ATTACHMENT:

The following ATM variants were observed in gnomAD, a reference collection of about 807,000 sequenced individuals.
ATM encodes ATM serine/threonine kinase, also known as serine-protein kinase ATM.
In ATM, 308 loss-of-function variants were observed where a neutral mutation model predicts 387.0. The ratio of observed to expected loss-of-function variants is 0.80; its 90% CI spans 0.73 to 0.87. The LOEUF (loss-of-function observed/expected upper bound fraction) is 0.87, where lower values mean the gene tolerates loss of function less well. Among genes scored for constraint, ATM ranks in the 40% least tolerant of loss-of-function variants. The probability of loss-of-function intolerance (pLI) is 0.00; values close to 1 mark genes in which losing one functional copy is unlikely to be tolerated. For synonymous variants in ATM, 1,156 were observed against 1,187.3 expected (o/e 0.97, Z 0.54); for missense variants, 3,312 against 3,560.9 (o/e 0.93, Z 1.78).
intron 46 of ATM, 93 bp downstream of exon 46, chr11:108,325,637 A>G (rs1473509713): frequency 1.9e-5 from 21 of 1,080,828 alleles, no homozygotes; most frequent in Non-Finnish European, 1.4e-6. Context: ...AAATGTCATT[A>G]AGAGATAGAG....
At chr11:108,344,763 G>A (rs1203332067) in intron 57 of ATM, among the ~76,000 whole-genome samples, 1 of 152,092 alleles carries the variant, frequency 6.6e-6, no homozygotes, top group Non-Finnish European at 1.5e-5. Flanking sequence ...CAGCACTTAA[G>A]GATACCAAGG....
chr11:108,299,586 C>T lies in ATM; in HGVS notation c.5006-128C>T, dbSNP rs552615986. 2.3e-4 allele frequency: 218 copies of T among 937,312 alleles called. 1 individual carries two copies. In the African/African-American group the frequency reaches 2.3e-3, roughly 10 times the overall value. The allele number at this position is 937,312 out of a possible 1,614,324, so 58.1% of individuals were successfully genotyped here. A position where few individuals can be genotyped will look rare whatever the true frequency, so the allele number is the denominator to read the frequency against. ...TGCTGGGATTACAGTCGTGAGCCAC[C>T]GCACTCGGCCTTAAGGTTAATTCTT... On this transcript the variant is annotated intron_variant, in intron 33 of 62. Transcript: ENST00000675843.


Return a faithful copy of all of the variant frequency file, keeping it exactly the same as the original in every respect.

The following ATM variants were observed in gnomAD, a reference collection of about 807,000 sequenced individuals.
ATM encodes ATM serine/threonine kinase, also known as serine-protein kinase ATM.
In ATM, 308 loss-of-function variants were observed where a neutral mutation model predicts 387.0. The ratio of observed to expected loss-of-function variants is 0.80; its 90% CI spans 0.73 to 0.87. The LOEUF (loss-of-function observed/expected upper bound fraction) is 0.87, where lower values mean the gene tolerates loss of function less well. Among genes scored for constraint, ATM ranks in the 40% least tolerant of loss-of-function variants. The probability of loss-of-function intolerance (pLI) is 0.00; values close to 1 mark genes in which losing one functional copy is unlikely to be tolerated. For synonymous variants in ATM, 1,156 were observed against 1,187.3 expected (o/e 0.97, Z 0.54); for missense variants, 3,312 against 3,560.9 (o/e 0.93, Z 1.78).
intron 46 of ATM, 93 bp downstream of exon 46, chr11:108,325,637 A>G (rs1473509713): frequency 1.9e-5 from 21 of 1,080,828 alleles, no homozygotes; most frequent in Non-Finnish European, 1.4e-6. Context: ...AAATGTCATT[A>G]AGAGATAGAG....
At chr11:108,344,763 G>A (rs1203332067) in intron 57 of ATM, among the ~76,000 whole-genome samples, 1 of 152,092 alleles carries the variant, frequency 6.6e-6, no homozygotes, top group Non-Finnish European at 1.5e-5. Flanking sequence ...CAGCACTTAA[G>A]GATACCAAGG....
chr11:108,299,586 C>T lies in ATM; in HGVS notation c.5006-128C>T, dbSNP rs552615986. 2.3e-4 allele frequency: 218 copies of T among 937,312 alleles called. 1 individual carries two copies. In the African/African-American group the frequency reaches 2.3e-3, roughly 10 times the overall value. The allele number at this position is 937,312 out of a possible 1,614,324, so 58.1% of individuals were successfully genotyped here. A position where few individuals can be genotyped will look rare whatever the true frequency, so the allele number is the denominator to read the frequency against. ...TGCTGGGATTACAGTCGTGAGCCAC[C>T]GCACTCGGCCTTAAGGTTAATTCTT... On this transcript the variant is annotated intron_variant, in intron 33 of 62. Transcript: ENST00000675843.